L&I Claim for Knee Work Injury – Workers Compensation Legal Blogs Posted by Tara Reck, Esq.
Injuries to the knee in the workplace are very common in the employee compensation ecosystem. The Ministry of Labor and Industry (L&I) examined the frequency of knee claims from 1999 to 2007. In summary, they found that 7% of all claims concern knee problems. In practice, this means around 25,000 knee injury incidents in less than 10 years. According to L&I, knee injuries occur primarily among workers in carpentry, truck driving, nursing and household work.
Workplace knee injury
The knee is a complex joint. This is where the lower leg and thigh connect. In other words, the knee joint is the meeting point for the shins and thighs. This important joint has to support weight and connect two large leg bones. That means it has to be strong, flexible and stable. As a result, there are many important parts of the knee joint that make it functional.
The patella (also known as the kneecap) is located in the center of the knee. There is a medial (or inner) meniscus and a lateral (or outer) meniscus. The meniscus is a tough, crescent-like piece of cartilage that cushions and absorbs impacts in the joint. There are also four ligaments in the knee that connect the bones. These ligaments are the medial collateral ligament, the posterior cruciate ligament, the anterior cruciate ligament, and the fibular collateral ligament. Of the four types, the L&I suggests that the medial collateral and anterior cruciate ligaments are the most vulnerable to workplace injuries.
Then there are bursa, which are sacs of fluid that surround the knee joint. They help with communication and lubrication in the joint. The bursa act like a pillow and reduce friction in the joint. The knee also has tendons and muscles. They connect muscles and bones and give the joint strength and stability. Unfortunately, all of these parts of the knee are prone to work accidents as well as wear and tear.
L&I data on knee injuries at work
In work, there are many ways knee injuries occur. There are also many work activities that place additional stress on the joint and increase wear and tear over time. It is clear that knee injuries and frequent wear and tear can also occur outside of work.
In my experience, the knee conditions in an L&I claim vary from relatively minor to extremely severe. Doctors often first diagnose knee disease as a sprain or strain, which we discussed earlier. However, according to the data collected by L&I, work-related knee disease also includes meniscus damage and ligament damage. They also include a condition called chondromalacia patellae, tendinitis, bursitis, and enthesopathy. Of course, a serious traumatic accident at work can also lead to bruises, fractures and joint fractures.
L&I guides and publications on injuries and conditions associated with knee work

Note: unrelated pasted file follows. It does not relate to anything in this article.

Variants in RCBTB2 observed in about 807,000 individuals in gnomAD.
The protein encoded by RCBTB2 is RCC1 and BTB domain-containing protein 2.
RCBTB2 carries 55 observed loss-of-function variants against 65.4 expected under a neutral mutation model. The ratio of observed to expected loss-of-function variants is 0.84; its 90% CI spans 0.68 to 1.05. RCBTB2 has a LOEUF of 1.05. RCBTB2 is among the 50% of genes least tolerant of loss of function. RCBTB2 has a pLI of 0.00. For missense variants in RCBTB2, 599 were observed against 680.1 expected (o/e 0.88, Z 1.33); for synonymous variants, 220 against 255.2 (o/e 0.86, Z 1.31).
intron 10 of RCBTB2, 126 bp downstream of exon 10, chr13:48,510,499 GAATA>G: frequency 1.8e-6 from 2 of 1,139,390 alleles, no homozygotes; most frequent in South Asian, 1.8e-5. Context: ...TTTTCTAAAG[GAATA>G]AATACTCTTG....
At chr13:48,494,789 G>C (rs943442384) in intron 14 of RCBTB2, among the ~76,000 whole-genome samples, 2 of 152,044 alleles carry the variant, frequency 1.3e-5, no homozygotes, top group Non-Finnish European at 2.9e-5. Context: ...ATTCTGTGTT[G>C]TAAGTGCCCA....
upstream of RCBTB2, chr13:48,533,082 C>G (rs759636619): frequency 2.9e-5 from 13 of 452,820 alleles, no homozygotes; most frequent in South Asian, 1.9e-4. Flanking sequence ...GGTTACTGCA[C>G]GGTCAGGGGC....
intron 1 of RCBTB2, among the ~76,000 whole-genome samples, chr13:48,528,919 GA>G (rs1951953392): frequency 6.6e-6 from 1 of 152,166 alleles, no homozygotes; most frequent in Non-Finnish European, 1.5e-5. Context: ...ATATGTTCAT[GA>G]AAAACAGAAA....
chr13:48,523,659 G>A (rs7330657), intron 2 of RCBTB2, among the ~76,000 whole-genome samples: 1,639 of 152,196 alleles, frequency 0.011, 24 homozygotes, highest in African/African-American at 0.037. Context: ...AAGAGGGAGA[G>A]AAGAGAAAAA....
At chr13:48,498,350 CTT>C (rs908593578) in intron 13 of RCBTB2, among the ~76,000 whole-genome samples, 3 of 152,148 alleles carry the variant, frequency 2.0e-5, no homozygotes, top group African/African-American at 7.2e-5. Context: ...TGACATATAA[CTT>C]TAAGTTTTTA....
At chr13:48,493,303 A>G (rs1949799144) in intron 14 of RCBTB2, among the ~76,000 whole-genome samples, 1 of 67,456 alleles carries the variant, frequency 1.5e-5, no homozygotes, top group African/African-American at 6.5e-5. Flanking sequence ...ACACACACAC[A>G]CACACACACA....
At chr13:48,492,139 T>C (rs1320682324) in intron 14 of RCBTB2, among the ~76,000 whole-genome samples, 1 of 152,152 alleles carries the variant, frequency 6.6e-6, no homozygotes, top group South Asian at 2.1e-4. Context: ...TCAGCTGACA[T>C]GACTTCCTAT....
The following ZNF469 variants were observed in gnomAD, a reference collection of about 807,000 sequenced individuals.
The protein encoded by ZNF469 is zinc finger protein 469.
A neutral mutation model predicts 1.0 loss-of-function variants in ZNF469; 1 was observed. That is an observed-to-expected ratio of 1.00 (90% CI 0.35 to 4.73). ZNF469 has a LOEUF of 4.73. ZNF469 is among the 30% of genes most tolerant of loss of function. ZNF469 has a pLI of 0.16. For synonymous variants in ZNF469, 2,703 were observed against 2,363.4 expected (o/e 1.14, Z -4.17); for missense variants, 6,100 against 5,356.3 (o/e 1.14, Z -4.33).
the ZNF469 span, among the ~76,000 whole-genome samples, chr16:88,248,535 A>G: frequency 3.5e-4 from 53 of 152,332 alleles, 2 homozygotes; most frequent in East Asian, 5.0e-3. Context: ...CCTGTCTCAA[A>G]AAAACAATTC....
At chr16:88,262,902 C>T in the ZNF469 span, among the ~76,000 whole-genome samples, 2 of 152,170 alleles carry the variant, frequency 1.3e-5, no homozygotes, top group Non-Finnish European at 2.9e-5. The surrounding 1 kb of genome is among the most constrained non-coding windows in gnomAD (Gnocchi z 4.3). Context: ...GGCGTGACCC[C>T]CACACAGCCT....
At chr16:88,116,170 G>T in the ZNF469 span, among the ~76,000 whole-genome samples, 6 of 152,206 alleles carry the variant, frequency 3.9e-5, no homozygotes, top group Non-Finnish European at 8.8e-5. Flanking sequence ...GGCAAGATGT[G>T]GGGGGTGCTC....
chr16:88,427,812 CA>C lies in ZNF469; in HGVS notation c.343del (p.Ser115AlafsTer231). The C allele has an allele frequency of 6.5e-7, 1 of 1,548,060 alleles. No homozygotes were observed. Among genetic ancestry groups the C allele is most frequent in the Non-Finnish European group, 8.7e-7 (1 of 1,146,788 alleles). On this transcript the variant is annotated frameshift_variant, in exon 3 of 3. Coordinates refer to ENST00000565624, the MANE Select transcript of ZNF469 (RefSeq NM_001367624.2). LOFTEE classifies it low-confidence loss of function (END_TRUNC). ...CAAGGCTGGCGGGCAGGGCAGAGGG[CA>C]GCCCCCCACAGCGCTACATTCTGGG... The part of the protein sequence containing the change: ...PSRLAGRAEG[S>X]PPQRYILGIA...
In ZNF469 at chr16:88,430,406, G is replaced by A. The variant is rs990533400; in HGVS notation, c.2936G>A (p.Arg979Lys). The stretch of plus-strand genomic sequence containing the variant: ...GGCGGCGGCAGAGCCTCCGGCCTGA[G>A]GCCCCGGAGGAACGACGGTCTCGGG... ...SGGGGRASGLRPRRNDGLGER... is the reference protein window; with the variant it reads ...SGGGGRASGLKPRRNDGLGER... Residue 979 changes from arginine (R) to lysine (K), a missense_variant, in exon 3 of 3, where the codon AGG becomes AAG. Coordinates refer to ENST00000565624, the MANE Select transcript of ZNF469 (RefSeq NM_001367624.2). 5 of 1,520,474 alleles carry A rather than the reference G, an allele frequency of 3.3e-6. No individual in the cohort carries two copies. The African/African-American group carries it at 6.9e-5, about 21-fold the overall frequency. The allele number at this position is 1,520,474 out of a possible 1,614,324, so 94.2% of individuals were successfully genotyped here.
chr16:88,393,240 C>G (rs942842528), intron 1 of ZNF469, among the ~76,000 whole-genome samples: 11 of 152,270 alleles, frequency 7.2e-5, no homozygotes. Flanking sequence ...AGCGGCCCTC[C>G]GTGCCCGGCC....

L & I extensively examined knee conditions in the workplace. Hence, there are many guidelines for treating knee disease. In 2017, L&I published a 50-page document describing conservative care options for work-related knee disease. The document describes and divides the treatment options. It also provides treatment schedules and contains specific diagnoses, resources, and recommendations.
In general, L & I’s treatment protocols prefer to try all conservative options. If they fail, doctors recommend more invasive treatment. Interestingly, L&I published surgical guidelines for work-related knee injuries in 2016. This 28-page document describes the criteria by which L&I approves the treatment. In addition, it covers a wide variety of surgical procedures that are appropriate for specific situations.
Notes and summary
In summary, the knee is a complex joint. Knee injuries as a result of work activity are quite common. In addition, there are many parts of the knee that can be injured. Knee injuries can be minor or serious. In fact, there are cases where minor knee damage becomes more severe over time.
L&I has researched knee conditions and has numerous resources for accident claimants. The same resources are used by the Employee Compensation Attorney as well as the attending physician for your L&I claim. Medical providers, in particular, can use these valuable resources to ensure that knee claims progress appropriately.
Further information: https://tarareck.com/l-and-i-claim-knee-injury/
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Ms. Tara Reck is the executive L&I attorney at Reck Law – Workers’ Compensation Attorneys in Washington State. If you would like further information, please contact Ms. Reck via:
* Seattle | Bellevue | Mercer Island Office: (206) 395-6141
* Tacoma Office: (253) 999-9828
* Renton office: (425) 800-8195
* Port Orchard Office: (360) 876-4123
* Email: [email protected]
* Your Workers’ Compensation blog at https://tarareck.com/contact/ or their company website at https://recklaw.com/contact/